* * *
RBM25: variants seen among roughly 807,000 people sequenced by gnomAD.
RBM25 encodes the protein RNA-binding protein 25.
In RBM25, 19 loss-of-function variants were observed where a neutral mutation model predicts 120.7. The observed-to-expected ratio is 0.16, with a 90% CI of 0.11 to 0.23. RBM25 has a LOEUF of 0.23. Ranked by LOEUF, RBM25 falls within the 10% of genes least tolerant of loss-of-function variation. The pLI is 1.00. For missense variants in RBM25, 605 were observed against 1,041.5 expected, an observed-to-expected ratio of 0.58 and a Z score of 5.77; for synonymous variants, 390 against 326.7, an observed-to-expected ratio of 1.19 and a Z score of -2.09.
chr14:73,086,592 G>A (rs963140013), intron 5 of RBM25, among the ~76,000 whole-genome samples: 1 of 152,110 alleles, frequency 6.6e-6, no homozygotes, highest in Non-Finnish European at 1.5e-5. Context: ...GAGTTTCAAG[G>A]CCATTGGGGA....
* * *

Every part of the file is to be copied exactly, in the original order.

RBM25: variants seen among roughly 807,000 people sequenced by gnomAD.
RBM25 encodes the protein RNA-binding protein 25.
In RBM25, 19 loss-of-function variants were observed where a neutral mutation model predicts 120.7. The observed-to-expected ratio is 0.16, with a 90% CI of 0.11 to 0.23. RBM25 has a LOEUF of 0.23. Ranked by LOEUF, RBM25 falls within the 10% of genes least tolerant of loss-of-function variation. The pLI is 1.00. For missense variants in RBM25, 605 were observed against 1,041.5 expected, an observed-to-expected ratio of 0.58 and a Z score of 5.77; for synonymous variants, 390 against 326.7, an observed-to-expected ratio of 1.19 and a Z score of -2.09.
chr14:73,086,592 G>A (rs963140013), intron 5 of RBM25, among the ~76,000 whole-genome samples: 1 of 152,110 alleles, frequency 6.6e-6, no homozygotes, highest in Non-Finnish European at 1.5e-5. Context: ...GAGTTTCAAG[G>A]CCATTGGGGA....